The NW District has great proximity to Portland’s major highways and downtown. There are numerous public transit options including the streetcar and buses, and the neighborhood is also pleasant and well-suited for walking because of the mix of residential, retail and commercial.
There are two schools inside the neighborhood boundary, Chapman Elementary (K-5) and the Metropolitan Learning Center (K-12), an alternative school that is part of Portland Public Schools. Emerson Elementary (K-5), a public charter school, is right next door in the Pearl District, and Lincoln High School is also nearby. For middle school, residents of NW District can attend any District 1J Portland Public School.
Couch Park sits near the southeast corner of the NW District. The park was created in 1975 with design input from students at the nearby Metropolitan Learning Center. In 2012 and again in 2014, the parks department had to remove portions of the play structures because of rot. Funding to upgrade the park was included in the 2014 Parks Replacement Bond. There was a ribbon cutting for the newly renovated play areas in May of this year.
Wallace Park is in the northwestern area of the neighborhood, conveniently located right next to Chapman Elementary. It’s a lovely and well-trafficked neighborhood park with a basketball court, softball and soccer fields, an off-leash dog area, and plenty of spots for picnicking.
The southeastern tip of Forest Park is one of the NW District’s neighborhood boundaries. Although the park is not officially part of the neighborhood, many of the park’s most popular trails can be accessed from within it.
In addition to being the gateway to some of Portland's best outdoor experiences (in Forest Park), there are plenty of great places to hang out inside too. Portlanders have been shopping and dining out along NW 21st and 23rd streets since the late 1800s. The neighborhood movie theater, Cinema 21 has been screening movies for 90 years! Maybe this is why it feels so natural to shop, eat, and wander in the NW District.
The only areas of the NW District that are strictly residential are the two northwestern fingers–Willamette Heights, and Forest Park NW District–all other parts of the neighborhood are a mix of commercial, retail and residential.
Walking either main drag–NW 21st or NW 23rd–in Nob Hill, is like taking a historical walking tour of Portland's food scene. The Ringside Steakhouse has been serving up steaks and martinis since 1944, just a few blocks away is newcomer Bhuna, introducing us to Indian Soul Food.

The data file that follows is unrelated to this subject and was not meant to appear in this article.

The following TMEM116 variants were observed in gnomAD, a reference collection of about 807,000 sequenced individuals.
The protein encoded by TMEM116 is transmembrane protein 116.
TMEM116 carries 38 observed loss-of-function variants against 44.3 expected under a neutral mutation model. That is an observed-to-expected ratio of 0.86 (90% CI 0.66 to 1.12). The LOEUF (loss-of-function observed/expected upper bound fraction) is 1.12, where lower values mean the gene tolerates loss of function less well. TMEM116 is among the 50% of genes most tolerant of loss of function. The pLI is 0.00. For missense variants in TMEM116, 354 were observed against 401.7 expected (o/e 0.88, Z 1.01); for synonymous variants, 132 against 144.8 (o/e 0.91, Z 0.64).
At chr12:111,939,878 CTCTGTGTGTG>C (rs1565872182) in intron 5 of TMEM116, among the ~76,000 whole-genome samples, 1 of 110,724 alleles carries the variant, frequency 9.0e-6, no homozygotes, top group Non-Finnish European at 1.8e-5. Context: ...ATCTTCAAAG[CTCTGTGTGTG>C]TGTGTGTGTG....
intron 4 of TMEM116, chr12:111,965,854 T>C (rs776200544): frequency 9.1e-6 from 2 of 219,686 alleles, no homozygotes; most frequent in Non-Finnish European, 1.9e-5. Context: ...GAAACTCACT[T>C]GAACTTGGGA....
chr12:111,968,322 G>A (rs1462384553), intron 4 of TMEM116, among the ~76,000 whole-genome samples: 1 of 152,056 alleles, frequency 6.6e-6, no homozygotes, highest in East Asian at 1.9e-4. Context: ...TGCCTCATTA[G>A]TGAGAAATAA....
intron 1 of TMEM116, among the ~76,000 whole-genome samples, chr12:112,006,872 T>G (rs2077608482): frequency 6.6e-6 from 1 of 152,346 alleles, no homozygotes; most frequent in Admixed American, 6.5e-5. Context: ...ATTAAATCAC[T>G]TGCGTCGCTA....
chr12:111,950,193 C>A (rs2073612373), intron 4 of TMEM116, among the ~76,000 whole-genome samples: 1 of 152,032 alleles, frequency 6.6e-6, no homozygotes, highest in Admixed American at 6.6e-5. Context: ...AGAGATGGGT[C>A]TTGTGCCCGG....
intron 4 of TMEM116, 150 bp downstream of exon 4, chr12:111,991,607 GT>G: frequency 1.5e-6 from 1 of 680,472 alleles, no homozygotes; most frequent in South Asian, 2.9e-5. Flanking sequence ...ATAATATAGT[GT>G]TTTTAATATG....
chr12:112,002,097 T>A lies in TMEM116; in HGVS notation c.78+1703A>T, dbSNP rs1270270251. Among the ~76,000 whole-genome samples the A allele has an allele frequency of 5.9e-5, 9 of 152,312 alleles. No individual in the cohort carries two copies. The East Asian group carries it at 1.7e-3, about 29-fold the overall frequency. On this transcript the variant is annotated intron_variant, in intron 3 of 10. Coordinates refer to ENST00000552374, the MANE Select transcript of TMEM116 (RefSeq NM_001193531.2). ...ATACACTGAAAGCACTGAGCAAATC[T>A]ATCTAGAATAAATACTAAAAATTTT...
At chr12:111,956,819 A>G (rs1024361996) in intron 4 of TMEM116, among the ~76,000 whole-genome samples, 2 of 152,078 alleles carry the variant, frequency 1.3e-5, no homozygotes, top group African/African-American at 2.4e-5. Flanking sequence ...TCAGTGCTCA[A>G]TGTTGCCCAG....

It's hard to imagine that Gus Van Sant filmed Drugstore Cowboy in Nob Hill in the late 80s because that's precisely when the local food movement was putting down roots here. Papa Hayden opened in 1983, followed by Wildwood (now closed) in 1994, Paley's Place in1995, and Ken's Artisan Bakery in 2001. Coffeehouse NW (2004) helped cement the city's third wave coffee scene. These businesses were some of the first to demonstrate what was possible when craft and skill was applied to the raw materials of the Pacific Northwest.
Nob Hill continues to attract unique restaurants and retailers because it has the highest housing density. More recently, Portlanders have show that they’re also interested in exploring the grittier parts of the NW District.
In the early aughts, when clothing designer Sarah Bibb opened her boutique, Folly, in the shadow of the I-405, there wasn't much else around, except for the ragtag creperie, Le Happy, and a couple of dive bars. Around the same time, eight blocks north of her, Steven Smith was crafting his first batches of tea in an old blacksmith's storefront.
Even with all of the newness that continues to come to the NW District, there are reminders of all that Portland has been since its earliest days. Besaw’s, the neighborhoods oldest restaurant (1903), and the first establishment in Oregon to get a liquor license, has rolled with the changes–prohibition, blight, brunch–through the years.
Just like the neighborhood, Besaw’s has reinvented itself many times over its hundred plus year-old history. And while its current incarnation is less scrappy than the original, it has remained true to its Northwest roots all along.